torsdag den 3. november 2016

opsamling helsinki

The Nordic scene at the Helsinki Book Fair 29th-30th October took the responsibility to stress the needs to fight an increasing hatred language taken place online in particular.

Hiding behind the computer or sitting in a corner using a smart phone it has become easier to escalate hatred. Authors, journalists and politicians in particular receive threats, e-mails or sms’ full of hate speech, and social media on top of this have changed the rhetoric. A challenge we need to meet, if we don’t want to escalate hatred.
At the Helsinki Book Fair in October 2016 on behalf of the Danish Embassy, the Finnish Presidency of the Nordic Council of Ministers and the Nordic School of Journalism, I carried out a session on how to counter hate speech.

Danish poem launched

To replace the normal role of a keynote speaker, the Danish author Knud Steffen Nielsen has worked out a poetry launched at the book fair. From the poem:
The air full of summer heat. I was wearing swimming togs too. My mind started to flicker. Picked up a stone, as I so often do; love skimming stones. But this one was not flat but just a stone, like a stone can only be a stone. I flung it in his direction. Wished/Did not wish it to hit him but perhaps only give him a fright ….but it came unnervingly close to him
And some other moments in the poem switching to the online society:
-        “If you don’t stop your blogging I will smash your parent’s faces.”
-        The freedom of knowing where somebody lives. “I know where you live.”
-        And this you must know: I would always, without exception, fight for your right to have the same opinion as me.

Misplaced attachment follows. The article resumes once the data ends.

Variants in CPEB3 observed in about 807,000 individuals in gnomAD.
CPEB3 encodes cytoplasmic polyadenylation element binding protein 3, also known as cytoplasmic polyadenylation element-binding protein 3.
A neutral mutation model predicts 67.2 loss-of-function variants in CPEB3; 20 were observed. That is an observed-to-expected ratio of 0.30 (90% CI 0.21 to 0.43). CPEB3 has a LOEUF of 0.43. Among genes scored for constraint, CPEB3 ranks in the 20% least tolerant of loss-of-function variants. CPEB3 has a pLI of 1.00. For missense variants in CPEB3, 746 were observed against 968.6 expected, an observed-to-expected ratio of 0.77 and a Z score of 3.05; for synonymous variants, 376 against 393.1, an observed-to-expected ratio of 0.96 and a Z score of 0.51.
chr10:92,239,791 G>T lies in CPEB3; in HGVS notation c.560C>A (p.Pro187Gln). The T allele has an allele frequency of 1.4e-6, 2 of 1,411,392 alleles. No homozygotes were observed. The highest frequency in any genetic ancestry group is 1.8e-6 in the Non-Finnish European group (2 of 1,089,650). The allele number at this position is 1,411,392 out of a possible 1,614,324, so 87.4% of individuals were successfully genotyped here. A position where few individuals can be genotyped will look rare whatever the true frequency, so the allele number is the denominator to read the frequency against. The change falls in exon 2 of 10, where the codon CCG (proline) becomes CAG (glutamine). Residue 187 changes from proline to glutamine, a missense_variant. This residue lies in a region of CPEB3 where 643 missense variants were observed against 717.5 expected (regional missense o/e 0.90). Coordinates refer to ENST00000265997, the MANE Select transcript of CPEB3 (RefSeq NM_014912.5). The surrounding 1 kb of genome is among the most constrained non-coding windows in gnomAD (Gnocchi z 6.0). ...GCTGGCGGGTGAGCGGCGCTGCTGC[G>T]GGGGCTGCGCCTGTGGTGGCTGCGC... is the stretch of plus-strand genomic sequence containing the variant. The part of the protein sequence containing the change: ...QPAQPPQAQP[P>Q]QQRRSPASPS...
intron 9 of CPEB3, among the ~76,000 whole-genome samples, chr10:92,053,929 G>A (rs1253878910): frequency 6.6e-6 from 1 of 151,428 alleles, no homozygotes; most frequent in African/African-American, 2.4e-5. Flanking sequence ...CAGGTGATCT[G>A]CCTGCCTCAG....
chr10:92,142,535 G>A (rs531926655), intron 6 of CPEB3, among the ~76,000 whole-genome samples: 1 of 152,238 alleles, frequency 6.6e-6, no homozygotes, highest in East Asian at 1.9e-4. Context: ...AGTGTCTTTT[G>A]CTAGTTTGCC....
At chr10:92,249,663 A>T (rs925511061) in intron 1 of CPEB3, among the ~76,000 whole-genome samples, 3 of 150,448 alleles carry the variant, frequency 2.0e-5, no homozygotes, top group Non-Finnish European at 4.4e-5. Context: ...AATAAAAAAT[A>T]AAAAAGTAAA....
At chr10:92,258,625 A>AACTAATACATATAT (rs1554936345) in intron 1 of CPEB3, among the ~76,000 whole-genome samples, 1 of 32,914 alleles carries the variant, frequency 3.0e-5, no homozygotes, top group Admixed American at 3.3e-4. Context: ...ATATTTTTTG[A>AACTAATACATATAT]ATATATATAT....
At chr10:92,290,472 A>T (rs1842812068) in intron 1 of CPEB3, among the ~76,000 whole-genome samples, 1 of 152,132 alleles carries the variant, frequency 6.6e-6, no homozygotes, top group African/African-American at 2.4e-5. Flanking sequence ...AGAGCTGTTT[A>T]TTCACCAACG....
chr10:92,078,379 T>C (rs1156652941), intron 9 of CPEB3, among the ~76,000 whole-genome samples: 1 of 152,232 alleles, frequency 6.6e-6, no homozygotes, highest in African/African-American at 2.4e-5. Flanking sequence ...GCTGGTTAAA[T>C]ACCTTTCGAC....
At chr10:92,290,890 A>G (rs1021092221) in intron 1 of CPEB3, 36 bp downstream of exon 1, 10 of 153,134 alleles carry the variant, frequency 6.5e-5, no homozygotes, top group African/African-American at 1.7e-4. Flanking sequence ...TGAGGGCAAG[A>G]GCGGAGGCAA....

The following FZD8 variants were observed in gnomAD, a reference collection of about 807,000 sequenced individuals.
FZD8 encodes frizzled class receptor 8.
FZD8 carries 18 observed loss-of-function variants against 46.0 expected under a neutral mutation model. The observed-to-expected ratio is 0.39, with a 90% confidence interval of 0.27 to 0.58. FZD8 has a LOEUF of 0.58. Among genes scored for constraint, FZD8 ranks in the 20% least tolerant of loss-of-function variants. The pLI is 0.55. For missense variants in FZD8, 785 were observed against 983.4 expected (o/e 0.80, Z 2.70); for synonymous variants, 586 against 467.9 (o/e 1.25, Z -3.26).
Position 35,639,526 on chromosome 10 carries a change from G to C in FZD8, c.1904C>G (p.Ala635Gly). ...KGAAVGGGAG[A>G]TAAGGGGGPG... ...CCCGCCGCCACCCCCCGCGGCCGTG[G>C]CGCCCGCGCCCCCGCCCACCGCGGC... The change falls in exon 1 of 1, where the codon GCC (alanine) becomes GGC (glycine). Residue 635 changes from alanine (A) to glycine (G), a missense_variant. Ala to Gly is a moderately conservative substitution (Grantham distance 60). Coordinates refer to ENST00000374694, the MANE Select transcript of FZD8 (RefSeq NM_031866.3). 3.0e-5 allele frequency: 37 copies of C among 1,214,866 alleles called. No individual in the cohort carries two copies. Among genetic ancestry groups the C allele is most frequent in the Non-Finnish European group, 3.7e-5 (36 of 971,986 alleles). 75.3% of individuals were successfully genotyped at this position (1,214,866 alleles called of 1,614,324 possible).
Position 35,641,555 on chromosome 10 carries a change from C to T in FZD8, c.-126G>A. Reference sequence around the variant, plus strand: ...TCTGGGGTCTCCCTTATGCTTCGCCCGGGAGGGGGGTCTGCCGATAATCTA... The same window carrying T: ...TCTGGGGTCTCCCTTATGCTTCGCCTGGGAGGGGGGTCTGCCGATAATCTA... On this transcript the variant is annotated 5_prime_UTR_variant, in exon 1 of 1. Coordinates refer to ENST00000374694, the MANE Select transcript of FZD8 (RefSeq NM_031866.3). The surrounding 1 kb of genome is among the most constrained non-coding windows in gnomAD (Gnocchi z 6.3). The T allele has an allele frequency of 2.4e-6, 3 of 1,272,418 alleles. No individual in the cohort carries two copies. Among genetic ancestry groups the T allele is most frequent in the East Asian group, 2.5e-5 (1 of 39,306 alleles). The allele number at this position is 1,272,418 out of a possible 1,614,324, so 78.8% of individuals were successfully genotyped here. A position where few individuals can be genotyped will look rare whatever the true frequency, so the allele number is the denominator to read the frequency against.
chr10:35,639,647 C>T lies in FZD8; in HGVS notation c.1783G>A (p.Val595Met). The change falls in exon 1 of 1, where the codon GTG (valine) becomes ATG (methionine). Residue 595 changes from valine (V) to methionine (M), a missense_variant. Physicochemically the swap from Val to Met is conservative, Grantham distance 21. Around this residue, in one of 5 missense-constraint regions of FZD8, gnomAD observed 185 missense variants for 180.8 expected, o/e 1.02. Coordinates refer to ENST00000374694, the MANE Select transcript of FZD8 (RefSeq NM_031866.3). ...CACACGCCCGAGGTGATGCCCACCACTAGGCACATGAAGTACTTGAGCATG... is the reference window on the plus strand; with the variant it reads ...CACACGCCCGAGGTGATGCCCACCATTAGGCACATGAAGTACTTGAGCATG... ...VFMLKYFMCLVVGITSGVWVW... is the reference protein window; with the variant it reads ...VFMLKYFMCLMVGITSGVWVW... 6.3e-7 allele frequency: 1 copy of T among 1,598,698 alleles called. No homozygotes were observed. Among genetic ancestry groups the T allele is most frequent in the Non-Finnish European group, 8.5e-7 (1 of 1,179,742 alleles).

“I started worrying”

The Faroese news editor, Liljan Weihe followed up telling her story, and how she was sexual offended as worst receiving online abuses. An appalling story that took place in a small society:
I wasn't physically abused, I didn't personally know the men who threatened me on Facebook but the threat changed the way I saw myself. I am self-confident, strong and independent. But the threats frightened me, made me feel weak and insecure. I started worrying about which signals I was sending out and asked myself if I had somehow provoked the rape threat…
We need more than ever to talk about and debate, how we can fight such hate speech, and that was the aim of the two sessions in Helsinki: Through literature and journalism! 
Peter Mickwitz, author from Finland stressed, that literature is a way to show how far, hatred can bring us and that we need to stop and reflect. Reeta Pöyhtäri, postdoctoral researcher from the University of Tampere commented on the topic, namely how literature and journalism should be key tools to counter hate speech.
She also emphasized the need of more high quality journalism, as it is too easy only to get the information you want and find the dialogue that suits you. Therefore, she urged to invest in independent journalism and pluralistic media. The panel also agreed that through literature it is possible to disseminate the message of the consequences of threats and abuses. (Reeta Pöyhtäri at the Bookfair, Photo: Mogens B. Bjerregård)

Ten point guidelines to counter hate speech

For the way forward, I as a conclusion of the session delivered a draft of guidelines to counter online hate speech. For the audience at the Nordic Scene and the viewers on the streaming it was obvious that we need to find ways to use a language without hatred. To do that we need to talk about it, and that was exactly what the organizers succeeded in. The guidelines can be read at the attached link:
It was impressing to see how the Nordic embassies in cooperation have been able to set the scene on Nordic topics and let the visitors at the book fair have a pit stop to reflect. Surely, the session about poetry countering hate speech provided reflections.
Read more at Nordic Journalism Center

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